…by definition an idea like Auroville attracts misfits.
I first came to Auroville when I was 11 years old in 1977. I remember little except that I saw, it must have been a picture or a model of the City. I was so fascinated by its shape. This spiral thing, at the time it looked very intriguing. I had no other contact with Auroville afterward. Until I was 18, I was living in Calcutta. Because I am a Bengali, Sri Aurobindo was a familiar name that came up in conversations.
Then much later, a couple of friends of me and my wife moved to Auroville and they were organizing a workshop. They had asked us to spread the word in our circles to find participants. Unfortunately, the rate of participation wasn’t going up very much, so at the end of it my wife said that she would go to Auroville and take part. We came here and visited for two days, that was in March 2015. I had formed an opinion about Auroville in my head already; I remember thinking that it was a strange place. When I came, my plan was to read my books, have a little holiday, and then go back. We met people here and got interested, and eventually decided to move here. We came in 2015, from an affluent lifestyle, five bedrooms, three cars, housekeepers, and so on – we moved into one room with a roof made of woven palm leaves. The realization that you don’t need as much as you think you need was, for me, a significant learning. And I wanted to be here; what I saw here was the possibility to do some experiments, especially in economy, education and governance.
We love that Auroville is so much forest, filled with birds and mammals, although this living in nature also has its challenges. For example, a few days ago one of our dogs had an encounter with a porcupine – after it, the poor dog had these long needles sticking out of his face. We had an emergency operation at home, in the middle of the night. All of this is part of the adventure.
The second part of the beauty of living in Auroville is the diversity. I could not survive in a singular-minded community. I love the fact that there is diversity here, not only in cultural backgrounds but also in ways of living, ways of being, ways of thinking. So that’s what I find fascinating. And also, here you can try things. Not all of it is fully supported, but you still have that opportunity. What we are trying to do here with the Residents’ Assembly, for example, to govern by plenary, it is possible to do this here, and it would be much harder to do the same in a regular city in India. Or the fact that I teach in a school and I have complete autonomy over how I teach the subject. Here we get the space to try out new things, and that is great. There are other intentional communities, but none have the space for personal action and autonomy as we have here. And then, in many other ways, Auroville is actually not as different to the outside world as one might think.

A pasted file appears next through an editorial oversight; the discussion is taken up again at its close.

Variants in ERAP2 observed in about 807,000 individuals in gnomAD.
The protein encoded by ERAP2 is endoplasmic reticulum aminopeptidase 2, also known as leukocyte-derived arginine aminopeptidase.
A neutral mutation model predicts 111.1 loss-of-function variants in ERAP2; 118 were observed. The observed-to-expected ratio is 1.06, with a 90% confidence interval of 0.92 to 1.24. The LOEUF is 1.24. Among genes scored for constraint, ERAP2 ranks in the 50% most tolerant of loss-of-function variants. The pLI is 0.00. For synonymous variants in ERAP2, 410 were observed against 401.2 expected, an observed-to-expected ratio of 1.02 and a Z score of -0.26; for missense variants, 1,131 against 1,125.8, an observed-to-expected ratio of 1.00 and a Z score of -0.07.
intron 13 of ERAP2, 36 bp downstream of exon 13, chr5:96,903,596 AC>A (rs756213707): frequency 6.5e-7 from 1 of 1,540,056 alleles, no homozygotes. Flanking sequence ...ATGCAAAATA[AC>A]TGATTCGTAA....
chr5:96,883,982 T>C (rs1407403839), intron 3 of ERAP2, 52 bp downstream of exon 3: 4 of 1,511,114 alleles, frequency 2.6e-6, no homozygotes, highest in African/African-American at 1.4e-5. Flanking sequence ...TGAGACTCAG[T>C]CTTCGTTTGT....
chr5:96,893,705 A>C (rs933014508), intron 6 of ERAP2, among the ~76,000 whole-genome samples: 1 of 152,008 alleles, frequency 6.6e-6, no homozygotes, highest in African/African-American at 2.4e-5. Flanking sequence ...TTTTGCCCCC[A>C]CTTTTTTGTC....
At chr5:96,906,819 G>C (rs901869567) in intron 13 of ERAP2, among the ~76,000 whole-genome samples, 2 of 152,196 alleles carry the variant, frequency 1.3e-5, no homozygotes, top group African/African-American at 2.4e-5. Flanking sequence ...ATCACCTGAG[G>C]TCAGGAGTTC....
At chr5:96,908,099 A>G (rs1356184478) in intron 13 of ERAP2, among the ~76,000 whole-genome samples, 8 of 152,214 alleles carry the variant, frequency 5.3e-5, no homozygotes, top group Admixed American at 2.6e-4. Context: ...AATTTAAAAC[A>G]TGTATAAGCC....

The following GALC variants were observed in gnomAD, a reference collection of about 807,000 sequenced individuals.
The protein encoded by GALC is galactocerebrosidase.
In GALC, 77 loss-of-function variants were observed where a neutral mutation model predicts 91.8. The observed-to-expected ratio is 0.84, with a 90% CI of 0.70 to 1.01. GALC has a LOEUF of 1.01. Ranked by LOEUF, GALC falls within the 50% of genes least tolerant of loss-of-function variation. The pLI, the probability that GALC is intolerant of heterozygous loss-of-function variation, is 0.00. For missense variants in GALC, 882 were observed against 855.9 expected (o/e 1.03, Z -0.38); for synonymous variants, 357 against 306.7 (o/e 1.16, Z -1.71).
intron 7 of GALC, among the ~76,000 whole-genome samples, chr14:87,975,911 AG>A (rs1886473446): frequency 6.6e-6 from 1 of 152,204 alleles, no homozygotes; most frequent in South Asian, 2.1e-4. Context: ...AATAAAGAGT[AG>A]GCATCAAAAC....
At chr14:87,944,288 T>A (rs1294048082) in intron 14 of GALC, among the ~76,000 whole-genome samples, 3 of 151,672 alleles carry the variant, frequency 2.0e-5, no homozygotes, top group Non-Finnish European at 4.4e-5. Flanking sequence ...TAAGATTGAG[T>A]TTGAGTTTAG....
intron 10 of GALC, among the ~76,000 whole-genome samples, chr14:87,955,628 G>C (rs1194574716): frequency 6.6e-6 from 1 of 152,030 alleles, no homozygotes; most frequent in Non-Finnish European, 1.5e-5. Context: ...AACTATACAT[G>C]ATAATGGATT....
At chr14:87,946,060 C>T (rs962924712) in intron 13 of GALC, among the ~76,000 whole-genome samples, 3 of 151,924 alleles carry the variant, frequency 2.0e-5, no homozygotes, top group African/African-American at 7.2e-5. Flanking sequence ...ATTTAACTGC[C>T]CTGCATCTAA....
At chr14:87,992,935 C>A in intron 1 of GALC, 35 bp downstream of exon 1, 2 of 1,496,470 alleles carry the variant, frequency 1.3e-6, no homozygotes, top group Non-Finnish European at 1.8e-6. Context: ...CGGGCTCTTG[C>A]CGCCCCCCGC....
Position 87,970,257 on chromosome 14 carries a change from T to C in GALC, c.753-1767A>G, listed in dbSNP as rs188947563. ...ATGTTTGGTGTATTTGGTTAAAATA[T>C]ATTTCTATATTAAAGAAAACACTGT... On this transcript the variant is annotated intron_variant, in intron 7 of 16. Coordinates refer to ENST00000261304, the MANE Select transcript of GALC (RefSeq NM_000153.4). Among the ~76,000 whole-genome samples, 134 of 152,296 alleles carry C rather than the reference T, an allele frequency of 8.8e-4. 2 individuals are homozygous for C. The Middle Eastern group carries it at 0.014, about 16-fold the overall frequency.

The way I would describe Auroville, if I were honest, is that it is a fascinating idea, but by definition an idea like this attracts misfits of one kind or the other. While there is a lot of interesting work and there are a lot of interesting people, there are also people that I cannot resonate with so easily, who have strange ideas. The other thing I would say is that we talk about Auroville being alternative and all of that, but in reality there are many things where we are very similar to the outside world. For example, our economy is no different than the economy anywhere else. Or other things, like that in building, concrete is still the material of choice, so we build houses like ovens that are not adapted to the climate and that you need to air-condition. Or you have these natural houses, but then no privacy. All kinds of strange things like that.
The challenges that I face now are two, one external and one internal. The external challenge is that all of the things I am interested in, governance, education, or economy, requires community participation. So the challenge there is how to have reasoned conversation with people who have very different worldview, and how to then arrive at a synthesised way of moving forward. That is a tremendous challenge. I still don’t know how to overcome that.
The internal challenge, which is a very personal thing, is that I don’t know if I truly want to be part of this experiment or if I am telling myself a story, so that I can enjoy the wonderful place that I live in. Perhaps I want to rationalize why I live here, so I am saying all of these wonderful things about experiments and autonomy and things like that. So the challenge is that I am not sure if I am being truly authentic about what I am, and what I am doing here. That’s an important part of living here actually; constantly challenging my assumptions, even about Auroville itself.